An untitled 50-by-50 inch archival pigment print by Carrie Mae Weems, part of her storied “Kitchen Table” series, sold at $72,000—number two from an edition of three with one artist’s proof.
Price points were also easy at New York’s P.P.O.W Gallery, with seasoned figurative painter Judith Linhares’s Gaze (2019) going for $30,000. “It sold to someone new who we didn’t know,” said gallery co-founder Penny Pilkington, a wished-for happenstance for any dealer.
Among the gaggle of young and hotly-sought-after artists, Tschabalala Self had a triptych series of portraits—Black Joy 3: Smirk, Black Joy 4: with yellow bone, Black Joy 5: with Large Teeth—sell instantly for $75,000 from London’s Pilar Corrias. The current Self solo show at Corrias has already sold out, with eight works priced from $85,000 to 120,000. Further evidence of Self’s status appeared in a buoyant auction of contemporary art at Phillips on Wednesday, where her 2015 collage-on-canvas Florida sold for £275,000 ($338,200), more than quadruple its high estimate of £60,000 ($73,800).
The pleasant stroll across the park to Frieze Masters became the art world’s Appian Way today, amid a scrum of strollers and joggers oblivious to the less graceful march of VIP fairgoers. Entering the Masters tent, one almost immediately felt a change in atmosphere, with the volume a notch or two below the din of its sister fair and an older and more conservatively dressed crowd.
At New York and London’s Skarstedt Gallery, two works on paper by Pablo Picasso, Femme nue assise et enfant (1960) and Buste d’Homme a la pipe (1969), quickly sold in the range of $600,000 each.
Meanwhile, two advisers with a client entered the booth and sealed a deal for a stunning Keith Haring fiberglass vase for $1.2 million. The roughly 40-inch-high vessel, with its blazing yellow and black stripes, was wildly alive with Haring’s markings, a kind of catalogue raisonné of his rich vocabulary including the radiant child, barking dog, spaceship, rotary dial telephone and multiple somersaulting figures.
Next door (well, the next booth over), New York’s Acquavella Galleries showed off a brilliant Jean-Michel Basquiat painting, The Ring (1981), that bears a so-far-untouchable $16 million price tag. Still, Basquiat’s boxer—poised in dreadlocks with upraised arms and outfitted in polka-dot trunks—exudes victory.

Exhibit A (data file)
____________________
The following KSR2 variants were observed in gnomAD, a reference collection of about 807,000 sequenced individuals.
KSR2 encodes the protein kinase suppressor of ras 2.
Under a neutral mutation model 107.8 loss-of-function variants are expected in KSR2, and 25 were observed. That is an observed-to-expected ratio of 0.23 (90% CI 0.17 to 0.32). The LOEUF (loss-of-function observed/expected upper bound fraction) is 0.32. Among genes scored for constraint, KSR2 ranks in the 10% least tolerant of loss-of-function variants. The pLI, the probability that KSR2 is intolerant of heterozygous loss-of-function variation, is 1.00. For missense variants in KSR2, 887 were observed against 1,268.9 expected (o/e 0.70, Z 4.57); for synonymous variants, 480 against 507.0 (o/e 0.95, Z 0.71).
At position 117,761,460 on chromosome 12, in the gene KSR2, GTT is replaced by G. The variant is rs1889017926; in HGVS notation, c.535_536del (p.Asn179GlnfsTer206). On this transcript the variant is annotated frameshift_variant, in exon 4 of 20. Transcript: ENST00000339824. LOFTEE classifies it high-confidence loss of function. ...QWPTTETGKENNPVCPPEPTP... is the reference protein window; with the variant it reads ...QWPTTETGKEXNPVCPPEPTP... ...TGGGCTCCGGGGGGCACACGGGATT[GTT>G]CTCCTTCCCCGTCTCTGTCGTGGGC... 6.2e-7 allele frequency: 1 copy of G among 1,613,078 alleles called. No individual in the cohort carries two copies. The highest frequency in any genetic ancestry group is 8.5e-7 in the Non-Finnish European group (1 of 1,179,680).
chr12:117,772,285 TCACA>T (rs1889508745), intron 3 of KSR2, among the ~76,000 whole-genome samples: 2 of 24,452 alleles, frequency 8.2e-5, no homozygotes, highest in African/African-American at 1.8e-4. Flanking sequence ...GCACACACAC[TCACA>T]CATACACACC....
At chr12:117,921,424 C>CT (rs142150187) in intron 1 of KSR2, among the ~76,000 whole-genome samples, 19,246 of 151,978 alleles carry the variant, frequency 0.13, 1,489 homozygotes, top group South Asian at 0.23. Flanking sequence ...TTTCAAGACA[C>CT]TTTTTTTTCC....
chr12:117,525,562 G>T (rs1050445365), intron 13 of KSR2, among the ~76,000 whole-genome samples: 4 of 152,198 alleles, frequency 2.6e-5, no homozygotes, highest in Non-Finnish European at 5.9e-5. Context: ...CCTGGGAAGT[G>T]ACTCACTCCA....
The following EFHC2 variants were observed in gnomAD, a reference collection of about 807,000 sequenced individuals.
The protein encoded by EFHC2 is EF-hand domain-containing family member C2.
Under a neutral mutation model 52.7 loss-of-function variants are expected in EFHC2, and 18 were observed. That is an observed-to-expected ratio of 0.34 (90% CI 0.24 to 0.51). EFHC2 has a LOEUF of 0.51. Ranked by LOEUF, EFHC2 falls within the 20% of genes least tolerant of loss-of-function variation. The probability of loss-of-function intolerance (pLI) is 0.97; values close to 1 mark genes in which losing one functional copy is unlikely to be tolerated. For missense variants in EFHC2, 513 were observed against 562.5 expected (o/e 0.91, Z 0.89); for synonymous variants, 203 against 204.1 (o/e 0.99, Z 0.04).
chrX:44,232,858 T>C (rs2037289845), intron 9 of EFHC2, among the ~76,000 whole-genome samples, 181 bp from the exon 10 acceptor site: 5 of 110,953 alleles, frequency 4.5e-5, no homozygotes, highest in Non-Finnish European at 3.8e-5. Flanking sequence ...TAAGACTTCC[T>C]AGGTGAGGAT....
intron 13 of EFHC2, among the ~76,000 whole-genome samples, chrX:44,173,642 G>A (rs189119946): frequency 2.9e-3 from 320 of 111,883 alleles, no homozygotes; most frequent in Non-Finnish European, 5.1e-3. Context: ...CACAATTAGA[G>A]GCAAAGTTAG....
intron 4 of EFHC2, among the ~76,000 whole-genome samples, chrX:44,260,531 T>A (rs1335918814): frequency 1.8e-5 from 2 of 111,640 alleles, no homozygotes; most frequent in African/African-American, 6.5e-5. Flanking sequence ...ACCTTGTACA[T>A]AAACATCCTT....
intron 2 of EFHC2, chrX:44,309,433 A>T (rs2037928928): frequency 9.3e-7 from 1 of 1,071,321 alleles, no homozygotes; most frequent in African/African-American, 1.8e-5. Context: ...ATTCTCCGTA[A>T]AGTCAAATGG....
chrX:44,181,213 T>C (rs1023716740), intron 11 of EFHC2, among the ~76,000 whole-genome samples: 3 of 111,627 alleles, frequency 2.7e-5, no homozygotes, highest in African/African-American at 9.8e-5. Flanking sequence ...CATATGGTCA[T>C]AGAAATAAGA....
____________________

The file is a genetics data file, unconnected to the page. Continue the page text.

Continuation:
Aanother Basquiat, this one an untitled work from 1986 scaled at 30 by 22-and-a-half inches, was already sequestered in the backroom of New York’s Van de Weghe Fine Art, having sold to a European client in the region of its $2.2 million asking price.
Hauser & Wirth (doing double duty in both fairs, like rivals Zwirner and Gagosian) offered a postwar mélange of Italian painters and a single and sublime 1968 Cy Twombly work on paper, Untitled (New York City), in oil, chalk, and gouache. The 30-by-40-inch piece sold for $6.5 million, the highest price so far gleaned from the two fairs.
On the Italian front at Hauser & Wirth, two works in décollage on canvas by Mimmo Rotella, both untitled and both dating from 1961, sold for €140,000 and €465,000 ($153,000 and $510,000).
London and Milan’s Moretti Gallery, sharing a Frieze Masters stand with Hauser & Wirth, sold the 15th-century tempera-on-panel painting Christ at the Column, by the Master of the Straus Madonna, for €200,000 ($219,200).
The Old Master selection at Frieze Masters was a relatively skimpy affair, though one stand, for London’s Trinity Fine Art, drew a crowd to its hushed and darkened interior with Sandro Botticelli’s somber but spectacular portrait of the 15th-century scholar and poet Michael Tarchaniota Marullus, priced at $32 million.
There had been no takers yet for the Botticelli, though there was little price resistance for the sublime Egyptian red porphyry “vase with two handles,” just 13 inches high and dating from the Roman Imperial period of around the 1st or 2nd century—it sold at London’s Colnaghi stand for a very high six-figure sum.
There are truly some masterpieces here, though the air feels a little thin.